SBD/Issue 197/Leagues & Governing Bodies

Economy, Ticket Sales, Salary Cap Could Hinder NBA Free Agency

 
A "variety of factors -- including a poor economy, weak season-ticket sales, a declining salary cap and the LeBron sweepstakes itself -- could conspire to make this an unhappy off-season for most free agents," according to Howard Beck of the N.Y. TIMES. Only four teams are "expected to have significant salary-cap space, and not all are expected to use it." Beck notes the salary cap is "not expected to change much" from last season's $58.7M figure, but it "could drop by 10[%] next season, by some estimates." The luxury-tax threshold "could also fall, forcing teams to rein in spending now." One Eastern Conference GM: "No one knows what the marketplace is going to be. It's a brand new world in that respect. This year, the top-flight free agents will go quickly. Then, it will be a long free-agent period" (N.Y. TIMES, 7/1). In Newark, Dave D'Alessandro wrote if the NBA is an "authentic reflection of society at large, this is the summer when consumers ... are likely to start socking away their disposable income." The "vast majority of the 158 players looking for a fair wage will learn that very few teams have the budget to be fair anymore." Nets President Rod Thorn: "Everyone realizes the economic situation, and everyone's alert to it." D'Alessandro noted most GMs "believe only a handful of players in this market will merit more than midlevel exception money" (Newark STAR-LEDGER, 6/30).

TAKING A HIT: The GLOBE & MAIL's Michael Grange writes free agent players like Fs Shawn Marion and Rasheed Wallace and G Allen Iverson are "still potentially effective players with lots of basketball left," but collectively they are "staring at a pay cut in the range" of $30-35M next season. One Central Division exec said, "There's just not any money out there for anybody, they'll be lucky to get the mid-level." Grange notes "just four teams have room under the salary cap to go bidding for free agents." While that means the "other 26 teams can use the mid-level provision to go after players," Raptors President & GM Bryan Colangelo "didn't foresee a rush." The salary cap and luxury tax thresholds are "expected to be flat compared to last year, but that's worse than it sounds." One Western Conference exec said, "This time last year teams were basing their budgets on the salary cap going up to about $62[M] (a team), so that's already a hit" (GLOBE & MAIL, 7/1). ESPN The Magazine's Chris Broussard said NBA agents and team execs are "really wondering what's going to happen in this free agency" period due to the economy. Broussard: "Right now, it looks like a lot of players are in for a rude awakening" ("Outside the Lines," ESPN, 6/30). The WASHINGTON POST's Paul Tenorio added, "It's going to be tough for some of these mid-level players to get any type of big money. … I think you're going to see a lot of guys that maybe in the past would have opted out of their last year going into this summer … stick around and play out that final year" ("Washington Post Live," CSN Mid-Atlantic, 6/30).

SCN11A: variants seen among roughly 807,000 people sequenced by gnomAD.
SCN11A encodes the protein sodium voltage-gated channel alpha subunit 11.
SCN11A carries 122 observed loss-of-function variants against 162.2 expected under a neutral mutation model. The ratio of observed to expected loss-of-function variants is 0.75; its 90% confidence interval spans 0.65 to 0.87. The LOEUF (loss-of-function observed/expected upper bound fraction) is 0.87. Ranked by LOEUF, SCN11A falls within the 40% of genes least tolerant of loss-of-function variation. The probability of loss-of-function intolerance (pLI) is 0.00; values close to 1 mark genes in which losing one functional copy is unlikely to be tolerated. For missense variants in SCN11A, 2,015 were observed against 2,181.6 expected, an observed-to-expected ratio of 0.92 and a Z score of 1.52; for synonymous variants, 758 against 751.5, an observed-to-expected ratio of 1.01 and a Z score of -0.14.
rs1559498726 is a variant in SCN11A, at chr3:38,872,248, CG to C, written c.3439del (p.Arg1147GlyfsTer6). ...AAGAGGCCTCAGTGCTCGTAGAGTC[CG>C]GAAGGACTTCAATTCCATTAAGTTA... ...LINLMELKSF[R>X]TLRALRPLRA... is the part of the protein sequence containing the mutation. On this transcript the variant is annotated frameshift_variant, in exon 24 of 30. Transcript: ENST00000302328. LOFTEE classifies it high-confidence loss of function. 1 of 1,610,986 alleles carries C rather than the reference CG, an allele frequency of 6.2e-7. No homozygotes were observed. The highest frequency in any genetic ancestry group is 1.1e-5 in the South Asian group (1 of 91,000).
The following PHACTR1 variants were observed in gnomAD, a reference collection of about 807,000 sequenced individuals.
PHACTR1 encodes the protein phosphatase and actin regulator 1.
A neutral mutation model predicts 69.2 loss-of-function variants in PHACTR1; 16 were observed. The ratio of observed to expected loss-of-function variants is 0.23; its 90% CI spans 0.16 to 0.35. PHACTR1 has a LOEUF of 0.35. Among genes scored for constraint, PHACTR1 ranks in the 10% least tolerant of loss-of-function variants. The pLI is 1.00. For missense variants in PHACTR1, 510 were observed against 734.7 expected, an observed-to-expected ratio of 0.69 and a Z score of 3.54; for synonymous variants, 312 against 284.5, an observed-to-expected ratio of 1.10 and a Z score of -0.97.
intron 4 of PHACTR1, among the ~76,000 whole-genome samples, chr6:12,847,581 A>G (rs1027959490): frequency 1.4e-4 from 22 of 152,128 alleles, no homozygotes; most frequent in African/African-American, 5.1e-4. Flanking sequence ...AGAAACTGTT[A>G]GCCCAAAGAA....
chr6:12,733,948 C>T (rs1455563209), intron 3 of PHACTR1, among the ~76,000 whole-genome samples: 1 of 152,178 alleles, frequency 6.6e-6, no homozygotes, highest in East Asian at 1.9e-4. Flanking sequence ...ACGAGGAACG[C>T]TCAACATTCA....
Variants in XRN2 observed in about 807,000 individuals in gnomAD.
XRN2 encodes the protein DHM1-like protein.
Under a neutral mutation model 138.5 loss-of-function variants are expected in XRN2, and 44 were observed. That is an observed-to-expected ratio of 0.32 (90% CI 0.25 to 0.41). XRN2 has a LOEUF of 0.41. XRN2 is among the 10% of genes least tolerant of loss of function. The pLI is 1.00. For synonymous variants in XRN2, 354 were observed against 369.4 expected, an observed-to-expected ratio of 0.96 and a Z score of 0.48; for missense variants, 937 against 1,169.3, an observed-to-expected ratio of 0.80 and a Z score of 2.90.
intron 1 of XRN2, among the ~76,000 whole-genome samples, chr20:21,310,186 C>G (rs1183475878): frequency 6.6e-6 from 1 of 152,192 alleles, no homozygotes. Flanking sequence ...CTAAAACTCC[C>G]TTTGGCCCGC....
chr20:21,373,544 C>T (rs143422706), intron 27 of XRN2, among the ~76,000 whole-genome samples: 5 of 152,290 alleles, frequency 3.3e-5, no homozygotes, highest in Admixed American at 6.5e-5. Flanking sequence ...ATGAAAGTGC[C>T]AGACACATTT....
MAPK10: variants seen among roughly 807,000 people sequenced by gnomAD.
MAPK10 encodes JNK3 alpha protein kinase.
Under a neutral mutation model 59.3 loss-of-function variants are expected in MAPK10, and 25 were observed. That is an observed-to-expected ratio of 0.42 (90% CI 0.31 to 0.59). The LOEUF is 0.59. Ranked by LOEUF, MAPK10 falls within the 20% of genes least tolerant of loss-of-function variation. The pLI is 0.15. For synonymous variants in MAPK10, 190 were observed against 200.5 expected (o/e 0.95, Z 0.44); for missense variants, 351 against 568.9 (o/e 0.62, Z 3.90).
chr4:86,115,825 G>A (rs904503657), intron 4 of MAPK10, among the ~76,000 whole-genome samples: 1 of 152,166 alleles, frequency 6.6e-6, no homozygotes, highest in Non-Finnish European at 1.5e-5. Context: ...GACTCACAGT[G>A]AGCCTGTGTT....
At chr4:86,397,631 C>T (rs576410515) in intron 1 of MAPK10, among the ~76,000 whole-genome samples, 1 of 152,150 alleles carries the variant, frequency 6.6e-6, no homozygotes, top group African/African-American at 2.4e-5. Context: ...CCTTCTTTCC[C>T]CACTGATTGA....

SIGN OF THINGS TO COME? The Bucks earlier this week indicated they would not offer F Charlie Villanueva a qualifying offer, making him an unrestricted free agent. ESPN.com's Jackie MacMullan said the reason is "purely economics," as Bucks Owner Herb Kohl "needs to save money." L.A. Times columnist Bill Plaschke: "It is about the economy, but it's not just Milwaukee. It’s everywhere. This is the first sign the NBA this summer will be all about people saving money. This is the first example" ("PTI," ESPN, 6/30).

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